An old Greek political insider, whenever asked to predict the election winner, often refers to the words of Konstantinos Karamanlis:
"You want to know what the dynamics of the political parties are? I'll tell you when the elections are called and the central dilemma is clear.
You want to know who will win? I'll tell you the last Friday evening."
This informal rule and the recently leaked photo with top Syriza officials’ election estimates suggest the following: there is no one who knows the final results beforehand and keeps them from others.
Kapa Research’s election polls presented to the readers of To Vima and tovima.gr, clearly recorded the trends, very close to the actual motion of the electorate. Absolutely no party was hurt or benefited by these polls.
After the announcement of snap elections, voting intention data for the two major parties (Figure 1) showed Syriza starting with a significant advantage (+3.1%). The apparent convergence in the meantime was entirely realistic, echoing the detachment/de-cohesion of Syriza’s electoral base after the noisy split up of the party, the negative symbolism of A. Tsipras’s resigning from the PM’s Mansion, and a positive popularity surprise of V. Meimarakis, New Democracy’s leader, at the beginning of the election period. In the last week, and following the logical accumulation of its electoral base, New Democracy showed signs of fatigue and of a slight drop. At the same time, Syriza withstood pressures, rallied its supporters, increased its distance from New Democracy on last Friday, and despite the net loss in votes (-320,000) boosted its electoral percentage to 35.5%, in part due to a higher-than-expected abstention rate. Unlike other survey organizations, which presented the margin between Syriza and New Democracy getting smaller in the last days, Kapa Research showed a clear trend of a widening margin.
In the middle group of parties (Figure 2) and the battle for third place, polling was quite accurate and clearly revealed the final ranking. Golden Dawn moved between 6.5 and 7% with a clear indication that it remains the third party in terms of electoral power, the Communist Party moved around 5.5% and fifth place, while the weakening trend of Potami and its retreat in sixth place was also recorded. Pasok, which was the surprise in this group, after it aligned with Dimar (Democratic Left) and George Papandreou’s party decided to not run, was rapidly strengthened surpassing the 6% benchmark, but never reaching the goal of the third position, as it was recorded at fourth place until the end.
In the group of smaller parties (Figure 3), the presence of the Independent Greeks in the next parliament was evident from the beginning, as was the case for the Centrists’ Union party, while after its early strong dynamic, it was clear attributed that the Popular Unity party was following a downward trend, starting at 4.8% and ending at 3.1% last Friday and 2.9% on election day.
With respect to the overall discussion on opinion polls and their role, studies have shown that, despite the volume of journalistic material that polls occupy, only 8% of the electorate takes them into consideration during the final selection process and less than 1% admits that they play a role in their final voting choice. On the other hand, the argument that opinion polls influence/manipulate the final vote leads, by itself, to contradictions. Its supporters argue that if all the polling companies showed a 7-point Syriza lead on the last Friday before the election, voters would know the "truth" and therefore would behave differently than they did in reality. Following this reasoning, the final difference would again be different from the polls (either higher or small than the 7-point lead) and opinion polls would be blamed as “mistaken” once again.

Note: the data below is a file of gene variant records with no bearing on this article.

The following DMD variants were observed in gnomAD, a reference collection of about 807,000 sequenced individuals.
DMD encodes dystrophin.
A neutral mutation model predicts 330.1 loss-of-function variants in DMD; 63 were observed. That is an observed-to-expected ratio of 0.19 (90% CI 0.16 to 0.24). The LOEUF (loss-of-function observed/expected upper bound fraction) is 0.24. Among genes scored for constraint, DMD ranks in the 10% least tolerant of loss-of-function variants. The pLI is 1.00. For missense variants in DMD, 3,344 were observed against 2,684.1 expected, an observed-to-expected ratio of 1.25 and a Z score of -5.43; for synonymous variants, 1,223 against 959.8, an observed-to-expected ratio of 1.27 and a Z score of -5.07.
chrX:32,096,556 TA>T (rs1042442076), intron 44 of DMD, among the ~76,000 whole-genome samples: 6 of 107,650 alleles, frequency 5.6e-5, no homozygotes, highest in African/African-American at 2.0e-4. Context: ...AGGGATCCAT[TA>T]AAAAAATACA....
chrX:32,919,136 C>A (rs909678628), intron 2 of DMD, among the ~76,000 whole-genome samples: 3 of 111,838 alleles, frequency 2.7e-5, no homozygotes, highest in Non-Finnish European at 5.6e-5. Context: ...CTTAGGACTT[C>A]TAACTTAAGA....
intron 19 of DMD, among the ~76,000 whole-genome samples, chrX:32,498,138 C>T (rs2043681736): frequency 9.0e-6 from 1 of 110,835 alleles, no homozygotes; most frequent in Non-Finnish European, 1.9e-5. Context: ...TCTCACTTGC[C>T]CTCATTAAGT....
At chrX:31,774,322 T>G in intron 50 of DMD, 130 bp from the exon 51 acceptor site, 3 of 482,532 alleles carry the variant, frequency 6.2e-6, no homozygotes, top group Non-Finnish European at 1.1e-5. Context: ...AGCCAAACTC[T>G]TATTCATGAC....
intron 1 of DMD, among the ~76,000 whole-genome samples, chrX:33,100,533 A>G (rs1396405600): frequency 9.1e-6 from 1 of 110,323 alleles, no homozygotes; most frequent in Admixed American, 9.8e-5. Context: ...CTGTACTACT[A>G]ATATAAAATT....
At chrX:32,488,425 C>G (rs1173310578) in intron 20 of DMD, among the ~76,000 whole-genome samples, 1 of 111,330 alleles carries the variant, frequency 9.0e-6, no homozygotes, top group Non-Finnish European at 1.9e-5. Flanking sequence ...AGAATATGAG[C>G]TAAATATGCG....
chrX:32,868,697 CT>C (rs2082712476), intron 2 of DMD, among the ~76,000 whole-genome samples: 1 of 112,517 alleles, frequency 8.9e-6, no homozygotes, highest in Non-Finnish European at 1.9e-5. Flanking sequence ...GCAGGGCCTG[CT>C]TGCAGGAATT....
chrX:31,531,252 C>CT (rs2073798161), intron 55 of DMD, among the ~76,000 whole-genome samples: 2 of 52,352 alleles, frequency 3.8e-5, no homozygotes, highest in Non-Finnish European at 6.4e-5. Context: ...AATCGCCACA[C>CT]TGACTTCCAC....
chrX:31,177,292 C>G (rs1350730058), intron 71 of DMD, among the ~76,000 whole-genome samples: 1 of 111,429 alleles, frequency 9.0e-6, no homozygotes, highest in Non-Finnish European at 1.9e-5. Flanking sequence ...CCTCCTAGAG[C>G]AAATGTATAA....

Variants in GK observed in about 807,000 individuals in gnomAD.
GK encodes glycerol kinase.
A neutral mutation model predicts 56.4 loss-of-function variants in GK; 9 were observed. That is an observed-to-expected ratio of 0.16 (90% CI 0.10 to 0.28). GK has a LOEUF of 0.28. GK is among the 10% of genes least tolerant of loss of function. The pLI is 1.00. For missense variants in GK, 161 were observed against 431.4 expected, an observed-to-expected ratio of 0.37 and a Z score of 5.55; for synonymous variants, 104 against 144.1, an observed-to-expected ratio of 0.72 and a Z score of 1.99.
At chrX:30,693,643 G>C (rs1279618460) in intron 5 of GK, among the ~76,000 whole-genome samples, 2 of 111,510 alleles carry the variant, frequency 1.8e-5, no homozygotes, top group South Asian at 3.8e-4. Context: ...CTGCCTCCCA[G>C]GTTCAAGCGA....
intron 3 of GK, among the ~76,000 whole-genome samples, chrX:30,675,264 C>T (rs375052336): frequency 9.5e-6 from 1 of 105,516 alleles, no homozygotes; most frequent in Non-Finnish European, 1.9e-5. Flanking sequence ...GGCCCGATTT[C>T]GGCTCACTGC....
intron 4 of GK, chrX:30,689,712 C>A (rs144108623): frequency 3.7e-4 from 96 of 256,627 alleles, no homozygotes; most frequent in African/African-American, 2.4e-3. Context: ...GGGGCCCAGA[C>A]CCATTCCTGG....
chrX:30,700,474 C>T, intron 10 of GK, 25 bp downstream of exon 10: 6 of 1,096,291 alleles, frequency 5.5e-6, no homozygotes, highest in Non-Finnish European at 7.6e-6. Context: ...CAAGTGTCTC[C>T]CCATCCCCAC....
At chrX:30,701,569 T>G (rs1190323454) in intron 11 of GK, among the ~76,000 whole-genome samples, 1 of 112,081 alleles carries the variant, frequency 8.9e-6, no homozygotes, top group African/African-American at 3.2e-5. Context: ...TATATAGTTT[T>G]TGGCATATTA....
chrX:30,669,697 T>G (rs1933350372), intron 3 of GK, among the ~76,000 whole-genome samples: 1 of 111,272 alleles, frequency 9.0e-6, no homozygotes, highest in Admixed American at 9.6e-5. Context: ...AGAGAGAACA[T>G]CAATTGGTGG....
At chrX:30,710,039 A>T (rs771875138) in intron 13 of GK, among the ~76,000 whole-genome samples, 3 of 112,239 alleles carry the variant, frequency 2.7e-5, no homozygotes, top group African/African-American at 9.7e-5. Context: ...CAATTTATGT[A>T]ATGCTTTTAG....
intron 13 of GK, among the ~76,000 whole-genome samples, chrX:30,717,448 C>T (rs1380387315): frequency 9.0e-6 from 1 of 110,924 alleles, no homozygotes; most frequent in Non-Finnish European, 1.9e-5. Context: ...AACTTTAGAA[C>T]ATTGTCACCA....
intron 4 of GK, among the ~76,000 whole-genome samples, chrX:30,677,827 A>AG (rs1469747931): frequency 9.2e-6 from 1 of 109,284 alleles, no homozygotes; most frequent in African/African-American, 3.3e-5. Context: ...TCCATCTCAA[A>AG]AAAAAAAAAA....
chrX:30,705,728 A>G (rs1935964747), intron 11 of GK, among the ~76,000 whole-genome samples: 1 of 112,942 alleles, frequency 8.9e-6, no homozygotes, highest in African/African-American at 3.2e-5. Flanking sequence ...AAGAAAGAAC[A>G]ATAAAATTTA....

In practice, voters were neither influenced by polls that showed New Democracy ahead nor by Kapa Research polls showing Syriza leading by 3 percentage points. This argument is senseless, naive, considers electoral behavior to be fixed and absolutely malleable, and treats national elections as a horse race, citizens as gamblers, and polling stations as horse race betting posts.
Voting intention does not constitute prediction of future results. Intention is one thing, prediction another. Besides, 10% of voters decide which party to vote for during the last week, and another 5% on Election Day. Each poll, at the day it is published, is like yesterday's newspaper. The misinterpretation of voting intention as prediction only illustrates the analytical incapacity of whoever does it, and it happens routinely. Thus, a scientific tool of limited capability turns into a cup of coffee ready to be “read” and the public dialogue into a cafeteria chat.
The fundamental problem rests in the way in which certain parties and the media exploit the excessive number of opinion polls (and polling organizations) to substitute the real political conflict – which requires policy positions, study, hard work, and sincerity – with the cultivation of a “who wins” psychology. (This phenomenon was also present during the critical five days prior to the July referendum. The surprise announcement, the closure of banks, capital controls and the vagueness of the referendum question led to daily reversal of trends. Kapa Research, respecting the readers of To Vima, considered it appropriate not to publish metrics any polls at that time.)
In a country where everything falls apart and everything can be vilified (economy - institutions - media - politicians) it is reasonable to expect attacks on opinion polls. Vilification, however, does not isolate wrong from right and does not fix anything. Instead, the self-awareness to which social research contributes is a factor of progress.